Orbán Doesn’t Even Want EU Leaders To Talk About His Blockade Of The Russian Oil Embargo

It not only blocks sanctions. He also wants to block the debate. Hungarian Prime Minister Viktor Orbán has sent a letter to the President of the European Council, Charles Michel, in which he asks him not to address the debate on the sixth package of sanctions against Russia at the summit on May 30 and 31. A package of sanctions that Orbán himself has been blocking for four weeks because it includes the embargo on Russian oil. And Orbán does not want that embargo, as he already announced the day after he was re-elected.

The Hungarian government argues for technical reasons, which have to do with its extreme dependence on Russia, as extreme as its difficulty in finding alternative supplies. But in Brussels they also suspect that his position has to do with being the best ally of the Russian president, Vladimir Putin, in the EU and, furthermore, with the fact that Brussels has blocked its recovery plan due to its authoritarian and homophobic drift, which has also the fact that the European Commission activates for the first time in history the conditionality mechanism for European money, which links the funds to respect for the rule of law.


Hungary asks for money to speed up the energy disengagement from Russia, but is also interested in unlocking the money withheld by its authoritarianism.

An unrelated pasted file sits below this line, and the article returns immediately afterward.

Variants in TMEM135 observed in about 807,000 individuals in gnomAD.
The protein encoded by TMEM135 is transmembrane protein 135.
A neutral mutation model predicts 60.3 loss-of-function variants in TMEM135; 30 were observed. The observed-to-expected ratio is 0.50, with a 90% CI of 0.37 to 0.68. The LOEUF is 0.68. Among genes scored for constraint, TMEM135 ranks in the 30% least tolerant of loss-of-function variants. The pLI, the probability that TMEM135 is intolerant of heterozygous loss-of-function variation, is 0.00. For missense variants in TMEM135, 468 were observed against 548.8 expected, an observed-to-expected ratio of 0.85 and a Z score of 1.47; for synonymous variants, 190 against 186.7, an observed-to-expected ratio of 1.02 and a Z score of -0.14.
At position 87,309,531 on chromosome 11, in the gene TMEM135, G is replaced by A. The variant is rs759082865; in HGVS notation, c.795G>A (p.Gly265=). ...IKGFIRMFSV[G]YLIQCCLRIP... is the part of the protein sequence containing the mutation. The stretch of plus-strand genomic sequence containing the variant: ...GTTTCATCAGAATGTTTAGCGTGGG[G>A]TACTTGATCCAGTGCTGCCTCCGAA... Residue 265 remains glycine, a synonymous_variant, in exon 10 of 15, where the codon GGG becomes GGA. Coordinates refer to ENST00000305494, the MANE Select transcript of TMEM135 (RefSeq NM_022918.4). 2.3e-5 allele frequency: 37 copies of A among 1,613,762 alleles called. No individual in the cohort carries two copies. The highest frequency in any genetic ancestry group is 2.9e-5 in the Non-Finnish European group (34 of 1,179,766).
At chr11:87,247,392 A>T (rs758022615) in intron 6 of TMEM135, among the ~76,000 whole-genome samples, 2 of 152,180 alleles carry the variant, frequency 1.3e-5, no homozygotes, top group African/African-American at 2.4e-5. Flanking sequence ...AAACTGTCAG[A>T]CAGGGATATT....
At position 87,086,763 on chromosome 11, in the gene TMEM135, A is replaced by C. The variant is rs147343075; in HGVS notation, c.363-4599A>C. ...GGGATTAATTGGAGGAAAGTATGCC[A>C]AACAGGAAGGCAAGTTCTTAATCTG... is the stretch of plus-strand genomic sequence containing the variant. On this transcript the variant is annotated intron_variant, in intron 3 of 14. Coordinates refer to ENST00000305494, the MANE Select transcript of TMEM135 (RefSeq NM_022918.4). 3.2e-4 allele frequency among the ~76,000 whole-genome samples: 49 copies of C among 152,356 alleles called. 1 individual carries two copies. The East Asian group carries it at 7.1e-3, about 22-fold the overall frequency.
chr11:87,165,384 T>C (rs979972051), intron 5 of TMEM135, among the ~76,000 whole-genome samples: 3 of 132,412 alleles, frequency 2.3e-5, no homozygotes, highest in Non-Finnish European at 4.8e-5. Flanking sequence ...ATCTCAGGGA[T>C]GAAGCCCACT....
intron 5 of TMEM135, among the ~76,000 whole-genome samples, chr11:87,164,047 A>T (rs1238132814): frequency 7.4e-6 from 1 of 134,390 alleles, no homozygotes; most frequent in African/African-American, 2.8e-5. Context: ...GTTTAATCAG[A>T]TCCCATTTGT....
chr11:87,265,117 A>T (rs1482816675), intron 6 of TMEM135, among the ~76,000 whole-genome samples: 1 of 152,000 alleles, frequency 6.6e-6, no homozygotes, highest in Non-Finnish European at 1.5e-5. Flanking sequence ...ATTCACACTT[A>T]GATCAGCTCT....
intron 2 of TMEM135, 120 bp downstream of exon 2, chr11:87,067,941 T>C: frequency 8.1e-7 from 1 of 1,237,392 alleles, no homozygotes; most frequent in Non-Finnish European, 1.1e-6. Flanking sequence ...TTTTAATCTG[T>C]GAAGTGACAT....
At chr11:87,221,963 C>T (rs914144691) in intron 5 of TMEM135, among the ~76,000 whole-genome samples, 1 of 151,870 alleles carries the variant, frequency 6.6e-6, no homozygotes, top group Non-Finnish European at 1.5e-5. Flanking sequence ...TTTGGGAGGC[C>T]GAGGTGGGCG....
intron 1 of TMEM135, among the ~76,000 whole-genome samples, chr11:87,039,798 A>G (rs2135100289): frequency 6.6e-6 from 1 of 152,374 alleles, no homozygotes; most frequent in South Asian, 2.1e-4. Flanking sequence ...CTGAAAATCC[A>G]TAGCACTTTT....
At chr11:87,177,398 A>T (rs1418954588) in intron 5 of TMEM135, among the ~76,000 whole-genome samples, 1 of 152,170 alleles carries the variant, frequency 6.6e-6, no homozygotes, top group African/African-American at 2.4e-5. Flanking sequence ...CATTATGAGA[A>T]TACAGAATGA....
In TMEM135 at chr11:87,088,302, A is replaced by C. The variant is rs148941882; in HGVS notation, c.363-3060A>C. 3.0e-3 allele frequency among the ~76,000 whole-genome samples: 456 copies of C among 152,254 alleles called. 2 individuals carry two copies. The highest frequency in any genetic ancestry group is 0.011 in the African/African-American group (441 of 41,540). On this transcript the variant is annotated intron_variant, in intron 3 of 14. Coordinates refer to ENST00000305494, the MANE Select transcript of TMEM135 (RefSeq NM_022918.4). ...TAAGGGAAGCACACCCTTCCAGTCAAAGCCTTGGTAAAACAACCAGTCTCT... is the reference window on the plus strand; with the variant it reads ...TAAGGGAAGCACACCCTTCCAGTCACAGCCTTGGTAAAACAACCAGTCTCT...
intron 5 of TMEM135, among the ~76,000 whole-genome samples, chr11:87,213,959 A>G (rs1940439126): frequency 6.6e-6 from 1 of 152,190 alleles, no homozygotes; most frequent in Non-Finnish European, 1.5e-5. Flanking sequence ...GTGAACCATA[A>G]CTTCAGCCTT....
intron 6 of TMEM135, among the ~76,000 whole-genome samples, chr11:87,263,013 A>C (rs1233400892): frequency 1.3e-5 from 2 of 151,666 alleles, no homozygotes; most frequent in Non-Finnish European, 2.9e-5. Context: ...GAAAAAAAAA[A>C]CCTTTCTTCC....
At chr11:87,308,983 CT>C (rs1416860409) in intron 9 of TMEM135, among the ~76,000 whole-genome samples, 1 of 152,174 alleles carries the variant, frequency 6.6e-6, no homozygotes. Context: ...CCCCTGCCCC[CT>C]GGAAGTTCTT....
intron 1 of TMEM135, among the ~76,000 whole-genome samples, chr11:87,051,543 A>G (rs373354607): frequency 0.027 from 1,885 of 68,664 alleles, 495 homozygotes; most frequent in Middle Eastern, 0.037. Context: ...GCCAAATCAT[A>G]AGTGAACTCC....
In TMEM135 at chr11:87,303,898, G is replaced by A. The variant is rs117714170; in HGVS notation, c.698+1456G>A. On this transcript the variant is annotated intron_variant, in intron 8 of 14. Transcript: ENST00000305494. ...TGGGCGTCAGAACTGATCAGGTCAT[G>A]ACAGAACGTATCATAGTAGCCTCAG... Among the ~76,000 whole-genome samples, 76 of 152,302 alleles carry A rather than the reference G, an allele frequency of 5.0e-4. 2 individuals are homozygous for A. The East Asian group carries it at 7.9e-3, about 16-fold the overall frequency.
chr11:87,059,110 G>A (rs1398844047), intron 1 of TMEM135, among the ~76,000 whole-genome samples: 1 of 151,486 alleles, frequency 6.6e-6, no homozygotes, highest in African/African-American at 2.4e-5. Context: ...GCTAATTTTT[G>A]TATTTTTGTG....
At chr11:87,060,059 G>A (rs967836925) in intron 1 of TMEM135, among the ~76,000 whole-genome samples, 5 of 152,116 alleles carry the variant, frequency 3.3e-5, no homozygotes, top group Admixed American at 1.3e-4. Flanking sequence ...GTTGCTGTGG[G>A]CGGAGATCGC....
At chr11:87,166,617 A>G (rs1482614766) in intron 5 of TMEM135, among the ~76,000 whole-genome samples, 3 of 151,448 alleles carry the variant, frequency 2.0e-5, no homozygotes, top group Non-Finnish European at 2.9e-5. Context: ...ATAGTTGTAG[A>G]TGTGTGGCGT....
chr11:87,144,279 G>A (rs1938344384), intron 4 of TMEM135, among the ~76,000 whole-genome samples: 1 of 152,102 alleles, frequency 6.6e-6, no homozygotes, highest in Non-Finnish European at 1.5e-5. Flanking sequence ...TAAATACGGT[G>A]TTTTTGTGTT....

“Discussing the sanctions package at the leadership level in the absence of a consensus would be counterproductive,” Orbán wrote in the letter sent to Charles Michel and whose content has been revealed. by Financial Times. “It would only highlight our internal divisions without offering a realistic opportunity to resolve differences. Therefore, I propose not to address this issue at the next European Council.”

Diplomatic sources have confirmed that Michel had received Orbán’s letter and reported that the president of the European Council was consulting “all leaders” in preparation for next week’s extraordinary summit, whose agenda is expected to include energy, defense and the war in Ukraine.

While unanimity is required to approve EU sanctions, in Brussels there is increasing thought of the possibility of seeking a plan B if the technical work of the European Commission to guarantee alternative supplies to Hungary from neighboring countries as well as speed up their own infrastructures for it –which means money– do not bear fruit. Hungary imports 60% of its oil and 85% of its gas from Russia.

European Commission President Ursula von der Leyen has ruled out reaching an agreement on a ban on Russian oil imports at next week’s European Council. In an interview with Politico, Von der Leyen has said that he did not want to generate “false expectations” that an agreement would be reached next week: “I think it is not an appropriate issue to be resolved in the European Council because what we are discussing is very technical. We are talking about landlocked countries that need alternative pipeline supply, so we have to talk about investment in pipelines to increase supply, and refineries that need to be upgraded, as well as investment and renewable energy.”